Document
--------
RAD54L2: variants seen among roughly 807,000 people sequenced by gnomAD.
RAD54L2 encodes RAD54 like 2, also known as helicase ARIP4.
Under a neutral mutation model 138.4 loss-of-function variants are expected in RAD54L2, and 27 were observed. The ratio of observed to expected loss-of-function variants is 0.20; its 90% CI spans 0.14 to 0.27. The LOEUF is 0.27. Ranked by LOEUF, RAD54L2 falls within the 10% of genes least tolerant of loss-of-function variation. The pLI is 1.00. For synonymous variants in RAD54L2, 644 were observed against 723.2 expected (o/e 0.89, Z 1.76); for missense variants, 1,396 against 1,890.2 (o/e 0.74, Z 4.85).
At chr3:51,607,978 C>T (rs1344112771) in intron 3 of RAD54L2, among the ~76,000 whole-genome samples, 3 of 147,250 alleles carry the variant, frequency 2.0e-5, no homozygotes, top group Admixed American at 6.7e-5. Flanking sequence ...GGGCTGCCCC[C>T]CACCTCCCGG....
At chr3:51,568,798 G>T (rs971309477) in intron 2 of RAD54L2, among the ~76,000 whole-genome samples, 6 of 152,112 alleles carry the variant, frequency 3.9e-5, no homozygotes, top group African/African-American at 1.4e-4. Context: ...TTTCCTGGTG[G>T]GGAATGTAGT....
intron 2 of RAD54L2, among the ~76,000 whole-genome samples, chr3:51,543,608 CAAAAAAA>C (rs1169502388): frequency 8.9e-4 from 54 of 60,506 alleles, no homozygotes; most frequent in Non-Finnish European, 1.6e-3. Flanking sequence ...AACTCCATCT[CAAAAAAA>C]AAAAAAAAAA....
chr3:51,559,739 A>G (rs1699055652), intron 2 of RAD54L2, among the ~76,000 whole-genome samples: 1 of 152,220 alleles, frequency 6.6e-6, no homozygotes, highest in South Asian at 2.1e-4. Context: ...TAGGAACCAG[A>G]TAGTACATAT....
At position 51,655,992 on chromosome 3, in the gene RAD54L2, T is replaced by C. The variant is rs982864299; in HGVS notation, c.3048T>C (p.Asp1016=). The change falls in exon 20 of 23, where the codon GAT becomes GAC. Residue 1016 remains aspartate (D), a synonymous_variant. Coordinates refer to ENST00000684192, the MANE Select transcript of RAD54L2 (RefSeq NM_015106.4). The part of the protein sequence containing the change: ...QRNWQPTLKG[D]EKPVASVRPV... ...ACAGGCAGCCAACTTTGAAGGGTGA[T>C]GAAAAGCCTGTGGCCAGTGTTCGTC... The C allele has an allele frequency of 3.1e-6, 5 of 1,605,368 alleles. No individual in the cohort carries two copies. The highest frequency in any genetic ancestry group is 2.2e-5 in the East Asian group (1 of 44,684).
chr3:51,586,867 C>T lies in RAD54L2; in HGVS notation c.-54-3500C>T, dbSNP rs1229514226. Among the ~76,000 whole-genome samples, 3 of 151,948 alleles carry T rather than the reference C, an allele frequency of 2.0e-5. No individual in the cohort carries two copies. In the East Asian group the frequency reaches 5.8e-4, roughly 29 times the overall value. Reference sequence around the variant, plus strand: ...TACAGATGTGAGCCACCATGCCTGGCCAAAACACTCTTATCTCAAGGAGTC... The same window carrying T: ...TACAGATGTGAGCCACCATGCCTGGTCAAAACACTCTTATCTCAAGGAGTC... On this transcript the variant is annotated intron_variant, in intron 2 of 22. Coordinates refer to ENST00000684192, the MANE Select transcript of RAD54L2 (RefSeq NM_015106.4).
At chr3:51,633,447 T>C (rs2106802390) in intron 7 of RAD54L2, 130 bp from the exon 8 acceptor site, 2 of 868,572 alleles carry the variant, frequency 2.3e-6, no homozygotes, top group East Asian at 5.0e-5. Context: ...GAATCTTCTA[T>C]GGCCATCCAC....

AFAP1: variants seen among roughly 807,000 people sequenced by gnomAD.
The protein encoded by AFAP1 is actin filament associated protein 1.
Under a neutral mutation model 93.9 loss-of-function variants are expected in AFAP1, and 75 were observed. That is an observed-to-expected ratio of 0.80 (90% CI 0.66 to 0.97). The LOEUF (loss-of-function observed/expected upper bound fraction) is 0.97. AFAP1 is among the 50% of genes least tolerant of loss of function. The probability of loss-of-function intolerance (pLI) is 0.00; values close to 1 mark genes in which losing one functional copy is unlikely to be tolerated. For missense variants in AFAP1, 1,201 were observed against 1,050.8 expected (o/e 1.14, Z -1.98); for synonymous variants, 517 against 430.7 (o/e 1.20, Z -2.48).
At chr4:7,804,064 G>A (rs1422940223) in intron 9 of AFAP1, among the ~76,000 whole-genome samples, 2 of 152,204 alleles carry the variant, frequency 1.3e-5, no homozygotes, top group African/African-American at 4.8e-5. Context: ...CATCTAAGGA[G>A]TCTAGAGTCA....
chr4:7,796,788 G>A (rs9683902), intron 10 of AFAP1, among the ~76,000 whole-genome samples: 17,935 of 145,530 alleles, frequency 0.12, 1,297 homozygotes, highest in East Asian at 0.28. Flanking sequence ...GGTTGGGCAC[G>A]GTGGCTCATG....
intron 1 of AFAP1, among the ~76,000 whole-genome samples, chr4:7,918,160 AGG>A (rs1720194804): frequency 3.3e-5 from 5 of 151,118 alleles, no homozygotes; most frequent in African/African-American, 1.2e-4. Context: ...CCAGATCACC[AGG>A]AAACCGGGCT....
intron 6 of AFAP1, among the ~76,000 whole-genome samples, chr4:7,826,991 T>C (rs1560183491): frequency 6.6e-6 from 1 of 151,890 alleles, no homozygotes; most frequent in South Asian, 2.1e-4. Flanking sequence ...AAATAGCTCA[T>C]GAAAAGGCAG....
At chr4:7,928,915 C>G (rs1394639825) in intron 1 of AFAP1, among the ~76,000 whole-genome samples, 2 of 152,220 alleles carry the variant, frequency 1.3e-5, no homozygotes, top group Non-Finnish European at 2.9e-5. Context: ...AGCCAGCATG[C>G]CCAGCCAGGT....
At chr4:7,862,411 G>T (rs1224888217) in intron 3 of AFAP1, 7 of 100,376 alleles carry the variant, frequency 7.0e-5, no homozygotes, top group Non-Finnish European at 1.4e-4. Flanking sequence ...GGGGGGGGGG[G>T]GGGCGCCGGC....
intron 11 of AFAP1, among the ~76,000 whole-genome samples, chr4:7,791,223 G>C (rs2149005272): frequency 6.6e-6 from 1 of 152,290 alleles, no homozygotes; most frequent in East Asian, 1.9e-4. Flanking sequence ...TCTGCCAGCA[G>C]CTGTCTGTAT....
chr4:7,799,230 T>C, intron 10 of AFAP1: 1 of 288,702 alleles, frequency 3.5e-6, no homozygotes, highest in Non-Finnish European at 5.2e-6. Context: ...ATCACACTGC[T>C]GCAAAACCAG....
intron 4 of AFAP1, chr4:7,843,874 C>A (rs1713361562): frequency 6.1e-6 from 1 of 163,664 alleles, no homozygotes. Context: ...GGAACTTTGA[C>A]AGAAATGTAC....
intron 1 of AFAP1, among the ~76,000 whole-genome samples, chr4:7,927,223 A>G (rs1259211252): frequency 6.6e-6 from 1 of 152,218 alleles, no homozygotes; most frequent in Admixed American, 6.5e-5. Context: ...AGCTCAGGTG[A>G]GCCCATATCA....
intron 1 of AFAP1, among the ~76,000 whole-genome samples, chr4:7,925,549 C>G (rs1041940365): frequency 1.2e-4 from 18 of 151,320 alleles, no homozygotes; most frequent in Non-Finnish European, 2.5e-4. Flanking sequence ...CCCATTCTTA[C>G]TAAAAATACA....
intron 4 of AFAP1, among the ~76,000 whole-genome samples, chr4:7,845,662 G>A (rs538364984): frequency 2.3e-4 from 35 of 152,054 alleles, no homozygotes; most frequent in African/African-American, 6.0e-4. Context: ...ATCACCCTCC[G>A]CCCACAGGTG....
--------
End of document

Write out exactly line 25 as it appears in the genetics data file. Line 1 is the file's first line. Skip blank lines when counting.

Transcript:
intron 4 of AFAP1, among the ~76,000 whole-genome samples, chr4:7,845,662 G>A (rs538364984): frequency 2.3e-4 from 35 of 152,054 alleles, no homozygotes; most frequent in African/African-American, 6.0e-4. Context: ...ATCACCCTCC[G>A]CCCACAGGTG....